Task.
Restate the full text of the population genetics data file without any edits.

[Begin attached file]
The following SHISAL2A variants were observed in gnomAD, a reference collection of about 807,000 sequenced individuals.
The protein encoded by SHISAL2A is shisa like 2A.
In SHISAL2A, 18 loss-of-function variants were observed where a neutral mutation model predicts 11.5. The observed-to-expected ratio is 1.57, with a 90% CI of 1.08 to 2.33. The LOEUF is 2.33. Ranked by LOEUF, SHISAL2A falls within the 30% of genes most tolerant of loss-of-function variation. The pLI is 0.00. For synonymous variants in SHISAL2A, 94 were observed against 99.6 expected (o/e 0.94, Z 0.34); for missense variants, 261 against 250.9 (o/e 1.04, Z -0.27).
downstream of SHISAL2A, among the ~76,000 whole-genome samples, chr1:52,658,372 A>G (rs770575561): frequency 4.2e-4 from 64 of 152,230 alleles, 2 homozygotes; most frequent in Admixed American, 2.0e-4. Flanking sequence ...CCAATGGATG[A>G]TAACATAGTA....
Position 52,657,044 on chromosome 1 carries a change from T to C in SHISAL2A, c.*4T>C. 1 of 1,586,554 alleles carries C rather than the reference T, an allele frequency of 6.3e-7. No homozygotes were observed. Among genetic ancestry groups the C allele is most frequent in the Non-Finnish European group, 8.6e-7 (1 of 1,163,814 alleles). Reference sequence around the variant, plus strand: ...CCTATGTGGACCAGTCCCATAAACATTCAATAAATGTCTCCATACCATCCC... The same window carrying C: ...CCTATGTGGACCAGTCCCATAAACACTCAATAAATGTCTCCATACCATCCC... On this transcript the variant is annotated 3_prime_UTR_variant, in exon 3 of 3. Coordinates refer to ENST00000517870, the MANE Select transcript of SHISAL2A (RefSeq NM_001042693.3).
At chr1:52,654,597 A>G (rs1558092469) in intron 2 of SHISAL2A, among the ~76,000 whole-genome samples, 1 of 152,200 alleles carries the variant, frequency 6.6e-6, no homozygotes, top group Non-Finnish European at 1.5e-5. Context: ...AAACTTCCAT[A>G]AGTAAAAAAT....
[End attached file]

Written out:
The following SHISAL2A variants were observed in gnomAD, a reference collection of about 807,000 sequenced individuals.
The protein encoded by SHISAL2A is shisa like 2A.
In SHISAL2A, 18 loss-of-function variants were observed where a neutral mutation model predicts 11.5. The observed-to-expected ratio is 1.57, with a 90% CI of 1.08 to 2.33. The LOEUF is 2.33. Ranked by LOEUF, SHISAL2A falls within the 30% of genes most tolerant of loss-of-function variation. The pLI is 0.00. For synonymous variants in SHISAL2A, 94 were observed against 99.6 expected (o/e 0.94, Z 0.34); for missense variants, 261 against 250.9 (o/e 1.04, Z -0.27).
downstream of SHISAL2A, among the ~76,000 whole-genome samples, chr1:52,658,372 A>G (rs770575561): frequency 4.2e-4 from 64 of 152,230 alleles, 2 homozygotes; most frequent in Admixed American, 2.0e-4. Flanking sequence ...CCAATGGATG[A>G]TAACATAGTA....
Position 52,657,044 on chromosome 1 carries a change from T to C in SHISAL2A, c.*4T>C. 1 of 1,586,554 alleles carries C rather than the reference T, an allele frequency of 6.3e-7. No homozygotes were observed. Among genetic ancestry groups the C allele is most frequent in the Non-Finnish European group, 8.6e-7 (1 of 1,163,814 alleles). Reference sequence around the variant, plus strand: ...CCTATGTGGACCAGTCCCATAAACATTCAATAAATGTCTCCATACCATCCC... The same window carrying C: ...CCTATGTGGACCAGTCCCATAAACACTCAATAAATGTCTCCATACCATCCC... On this transcript the variant is annotated 3_prime_UTR_variant, in exon 3 of 3. Coordinates refer to ENST00000517870, the MANE Select transcript of SHISAL2A (RefSeq NM_001042693.3).
At chr1:52,654,597 A>G (rs1558092469) in intron 2 of SHISAL2A, among the ~76,000 whole-genome samples, 1 of 152,200 alleles carries the variant, frequency 6.6e-6, no homozygotes, top group Non-Finnish European at 1.5e-5. Context: ...AAACTTCCAT[A>G]AGTAAAAAAT....